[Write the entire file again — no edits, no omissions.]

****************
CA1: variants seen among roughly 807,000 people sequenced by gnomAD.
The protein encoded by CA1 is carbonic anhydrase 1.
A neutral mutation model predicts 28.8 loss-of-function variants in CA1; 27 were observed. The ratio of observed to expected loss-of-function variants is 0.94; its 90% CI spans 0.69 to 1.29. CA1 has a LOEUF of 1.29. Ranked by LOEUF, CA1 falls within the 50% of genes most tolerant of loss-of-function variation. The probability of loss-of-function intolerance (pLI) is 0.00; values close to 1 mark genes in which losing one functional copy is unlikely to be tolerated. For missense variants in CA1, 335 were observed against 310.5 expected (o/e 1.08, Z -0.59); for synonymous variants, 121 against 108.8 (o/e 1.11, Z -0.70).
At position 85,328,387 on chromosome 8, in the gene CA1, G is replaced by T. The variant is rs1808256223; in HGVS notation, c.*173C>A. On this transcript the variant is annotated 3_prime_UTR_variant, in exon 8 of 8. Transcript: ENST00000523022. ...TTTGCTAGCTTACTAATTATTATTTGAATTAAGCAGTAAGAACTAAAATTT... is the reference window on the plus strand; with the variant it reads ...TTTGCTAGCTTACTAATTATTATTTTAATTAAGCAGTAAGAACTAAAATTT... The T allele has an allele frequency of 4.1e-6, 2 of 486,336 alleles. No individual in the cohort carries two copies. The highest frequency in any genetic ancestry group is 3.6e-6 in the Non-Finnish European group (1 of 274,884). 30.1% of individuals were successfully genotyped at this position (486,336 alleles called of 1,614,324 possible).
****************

CA1: variants seen among roughly 807,000 people sequenced by gnomAD.
The protein encoded by CA1 is carbonic anhydrase 1.
A neutral mutation model predicts 28.8 loss-of-function variants in CA1; 27 were observed. The ratio of observed to expected loss-of-function variants is 0.94; its 90% CI spans 0.69 to 1.29. CA1 has a LOEUF of 1.29. Ranked by LOEUF, CA1 falls within the 50% of genes most tolerant of loss-of-function variation. The probability of loss-of-function intolerance (pLI) is 0.00; values close to 1 mark genes in which losing one functional copy is unlikely to be tolerated. For missense variants in CA1, 335 were observed against 310.5 expected (o/e 1.08, Z -0.59); for synonymous variants, 121 against 108.8 (o/e 1.11, Z -0.70).
At position 85,328,387 on chromosome 8, in the gene CA1, G is replaced by T. The variant is rs1808256223; in HGVS notation, c.*173C>A. On this transcript the variant is annotated 3_prime_UTR_variant, in exon 8 of 8. Transcript: ENST00000523022. ...TTTGCTAGCTTACTAATTATTATTTGAATTAAGCAGTAAGAACTAAAATTT... is the reference window on the plus strand; with the variant it reads ...TTTGCTAGCTTACTAATTATTATTTTAATTAAGCAGTAAGAACTAAAATTT... The T allele has an allele frequency of 4.1e-6, 2 of 486,336 alleles. No individual in the cohort carries two copies. The highest frequency in any genetic ancestry group is 3.6e-6 in the Non-Finnish European group (1 of 274,884). 30.1% of individuals were successfully genotyped at this position (486,336 alleles called of 1,614,324 possible).